The opinion of the court was delivered by: Spatt, District Judge
MEMORANDUM OF DECISION
In a Memorandum of Decision and Order dated March 21, 1998, this Court
dismissed the plaintiffs' first amended complaint pursuant to
Fed.R.Civ.P. 8, without prejudice and with leave to file a second amended
complaint, after finding that the first amended complaint was "prolix,
confusing and argumentative."
The following facts are taken from plaintiffs' Complaint. The
plaintiffs assert that on or about August 18, 1988, Citibank approved them
for a loan, to purchase a home, in the sum of $139,500.00, at an interest
rate of 11.375%. On August 18, 1988 the plaintiffs went to closing on the
house and signed a mortgage agreement with Citibank. At an unspecified
time thereafter, OCI and Stephenson purchased the plaintiffs' mortgage
from Citibank. On August 18, 1996, OCI and Stephenson commenced eviction
and foreclosure proceedings against the plaintiffs for failure to make
payments "at the sixth district court of Suffolk." On July 23, 1997, the
plaintiffs were forcibly removed from their home.
The Complaint includes claims against the defendants, both individually
and collectively, under the Racketeer Influenced Corrupt Organizations
Act ("RICO"), 18 U.S.C. § 1961 et seq., 42 U.S.C. § 1983, and
related state law claims for common-law fraud, usury and breach of
contract. The plaintiffs allege that: (1) Citibank breached the mortgage
agreement by failing to lend "lawful money of the United States"; (2)
that Citibank perpetrated a fraud by lending such unlawful monies; (3)
that by creating this unlawful debt Citibank has engaged in the
collection of usurious interest rates, and racketeering activity,
including mail and wire fraud; and (4) that Stephenson and OCI
"unlawfully" created a debt by purchasing the Citibank mortgage and, in
violation of the plaintiffs' 14th Amendment rights, forcibly removed the
plaintiffs from their home. As far as the Court can discern, the
plaintiffs assert no claims against ZEK.
A. The Plaintiffs' Pro Se Status
In addressing the defendant's motion, the Court is mindful that the
plaintiffs are proceeding pro se and that their submissions should be held
"to less stringent standards than formal pleadings drafted by lawyers."
Hughes v. Rowe, 449 U.S. 5, 9, 101 S.Ct. 173, 66 L.Ed.2d 163 (1980) (per
curiam) (quoting Haines v. Kerner, 404 U.S. 519, 520, 92 S.Ct. 594, 30
L.Ed.2d 652 (1972)); Fleming v. United States, 146 F.3d 88, 90 (2d Cir.
1998) (citations omitted). The Court recognizes that it must make
reasonable allowances so that these pro se plaintiffs do not forfeit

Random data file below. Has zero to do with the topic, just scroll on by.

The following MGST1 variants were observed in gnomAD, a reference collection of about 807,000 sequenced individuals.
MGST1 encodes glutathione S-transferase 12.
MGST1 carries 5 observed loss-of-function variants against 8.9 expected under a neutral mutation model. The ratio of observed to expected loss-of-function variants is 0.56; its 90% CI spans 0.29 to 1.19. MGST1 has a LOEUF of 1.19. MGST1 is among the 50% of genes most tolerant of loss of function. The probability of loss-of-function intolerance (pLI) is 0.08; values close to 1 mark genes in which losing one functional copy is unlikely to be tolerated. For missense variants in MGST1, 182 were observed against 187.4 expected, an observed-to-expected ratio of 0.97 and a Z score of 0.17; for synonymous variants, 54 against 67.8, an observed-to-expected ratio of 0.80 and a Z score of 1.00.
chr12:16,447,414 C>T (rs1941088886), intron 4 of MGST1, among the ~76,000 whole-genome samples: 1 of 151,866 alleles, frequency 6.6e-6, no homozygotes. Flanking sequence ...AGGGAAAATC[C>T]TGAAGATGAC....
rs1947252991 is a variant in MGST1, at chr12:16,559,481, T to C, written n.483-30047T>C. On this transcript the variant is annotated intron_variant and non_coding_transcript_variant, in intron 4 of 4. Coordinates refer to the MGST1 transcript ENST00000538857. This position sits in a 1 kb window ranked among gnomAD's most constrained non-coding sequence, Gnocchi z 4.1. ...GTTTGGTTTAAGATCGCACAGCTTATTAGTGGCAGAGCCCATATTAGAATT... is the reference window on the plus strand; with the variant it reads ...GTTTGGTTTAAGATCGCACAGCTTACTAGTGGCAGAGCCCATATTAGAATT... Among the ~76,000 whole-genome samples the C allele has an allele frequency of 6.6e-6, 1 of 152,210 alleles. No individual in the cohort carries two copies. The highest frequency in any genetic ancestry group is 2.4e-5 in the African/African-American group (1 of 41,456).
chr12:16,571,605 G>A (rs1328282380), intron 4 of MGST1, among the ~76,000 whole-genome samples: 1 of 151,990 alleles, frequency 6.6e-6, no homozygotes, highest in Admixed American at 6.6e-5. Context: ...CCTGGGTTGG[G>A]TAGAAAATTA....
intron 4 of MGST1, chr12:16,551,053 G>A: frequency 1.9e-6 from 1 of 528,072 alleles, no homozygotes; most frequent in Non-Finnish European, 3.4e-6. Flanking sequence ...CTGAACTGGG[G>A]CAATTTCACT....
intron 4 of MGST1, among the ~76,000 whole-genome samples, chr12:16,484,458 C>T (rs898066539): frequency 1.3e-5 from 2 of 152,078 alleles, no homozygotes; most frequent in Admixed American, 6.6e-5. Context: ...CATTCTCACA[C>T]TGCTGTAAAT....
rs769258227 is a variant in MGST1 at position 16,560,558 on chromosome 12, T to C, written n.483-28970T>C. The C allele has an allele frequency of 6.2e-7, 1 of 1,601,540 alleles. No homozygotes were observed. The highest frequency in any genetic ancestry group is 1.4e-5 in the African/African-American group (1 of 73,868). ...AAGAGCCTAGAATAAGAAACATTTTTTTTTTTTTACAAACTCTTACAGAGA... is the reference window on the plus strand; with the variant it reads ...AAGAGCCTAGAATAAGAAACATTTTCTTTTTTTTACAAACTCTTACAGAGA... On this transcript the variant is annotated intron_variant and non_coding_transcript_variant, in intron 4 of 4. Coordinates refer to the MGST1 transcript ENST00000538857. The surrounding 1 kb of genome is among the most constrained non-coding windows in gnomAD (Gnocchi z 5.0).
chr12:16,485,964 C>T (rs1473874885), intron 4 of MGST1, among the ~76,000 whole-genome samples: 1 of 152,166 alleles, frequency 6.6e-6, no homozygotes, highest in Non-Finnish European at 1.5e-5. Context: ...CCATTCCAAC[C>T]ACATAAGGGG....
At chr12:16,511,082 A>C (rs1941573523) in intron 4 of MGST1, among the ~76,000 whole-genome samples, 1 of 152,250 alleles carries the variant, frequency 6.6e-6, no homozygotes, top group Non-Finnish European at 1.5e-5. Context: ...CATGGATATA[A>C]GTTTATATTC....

their rights by virtue of their lack of legal training. Traguth v. Zuck,
710 F.2d 90, 95 (2d Cir. 1983). However, the plaintiffs' pro se status
does not "exempt [them] from compliance with relevant rules of procedural
and substantive law." Id. (quoting Birl v. Estelle, 660 F.2d 592, 593
(5th Cir. 1981)).
B. ZEK's Motion to Dismiss
Fed.R.Civ.P. 8(a) requires a plaintiff to set forth in the complaint a
"short and plain statement of the claim showing that the [plaintiff] is
entitled to relief." The complaint must at least "sufficiently appraise a
defendant of the charges asserted against it." Humpherys v. Nager,
962 F. Supp. 347, 351 (E.D.N.Y. 1997) (quoting Gould v. Russi,
830 F. Supp. 139, 143 (N.D.N.Y. 1993)). As noted above, a review of the
Complaint reveals that the defendant ZEK is mentioned only once: in the
caption. "The complaint does not provide any facts to indicate how [ZEK]
could have injured [the plaintiffs]. `The courts have consistently held
that, where the complaint names a defendant in the caption but contains
no allegations indicating how the defendant violated the law or injured
the plaintiff, a motion to dismiss the complaint in regard to that
defendant should be granted.'" Humpherys v. Nager, 962 F. Supp. at 351
(quoting Morabito v. Blum, 528 F. Supp. 252, 262 (S.D.N.Y. 1981)
[granting 12(b)(6) motion to dismiss where defendant was
named only in caption and noting that complaint fails to meet standard of
Fed.R.Civ.P. 8(a)]). Since apparently no claims are raised against the
defendant ZEK, the Complaint fails to meet the minimal threshold of
notice pleading established by Rule 8, and the firm's motion to dismiss
the Complaint, as against it, is granted.
C. The Defendants' Rule 12(b)(1) Motions to Dismiss for Lack of Subject
Matter Jurisdiction: The Standard
All of the defendants move to dismiss the Complaint pursuant to Rule
12(b)(1) on the ground that this Court lacks subject matter
jurisdiction. Federal subject matter jurisdiction exists only when a
"federal question" is presented under 28 U.S.C. § 1331, or, as
provided in 28 U.S.C. § 1332, where the plaintiffs and all the
defendants are of diverse citizenship and the amount in controversy
exceeds $75,000. Where jurisdiction is lacking, the district court must
dismiss the Complaint without regard to the merits of the lawsuit. Nowak
v. Ironworkers Local 6 Pension Fund, 81 F.3d 1182, 1188 (2d Cir. 1996).
Here, the plaintiffs assert that federal subject matter jurisdiction is
predicated on federal question and diversity jurisdiction.
"In considering motions to dismiss for want of subject matter
jurisdiction, the Court must accept as true all material factual
allegations in the Complaint and refrain from drawing inferences in favor
of the party contesting jurisdiction." Serrano v. 900 5th Ave. Corp.,
4 F. Supp.2d 315, 316 (S.D.N.Y. 1998) (citing Atlantic Mut. Ins. Co. v.
Balfour Maclaine Int'l Ltd., 968 F.2d 196, 198 (2d Cir. 1992)). The
district court, however, is not merely confined to the four corners of
the Complaint. "On a motion under Fed.R.Civ.P. 12(b)(1) challenging the
district court's subject matter jurisdiction, the court may ...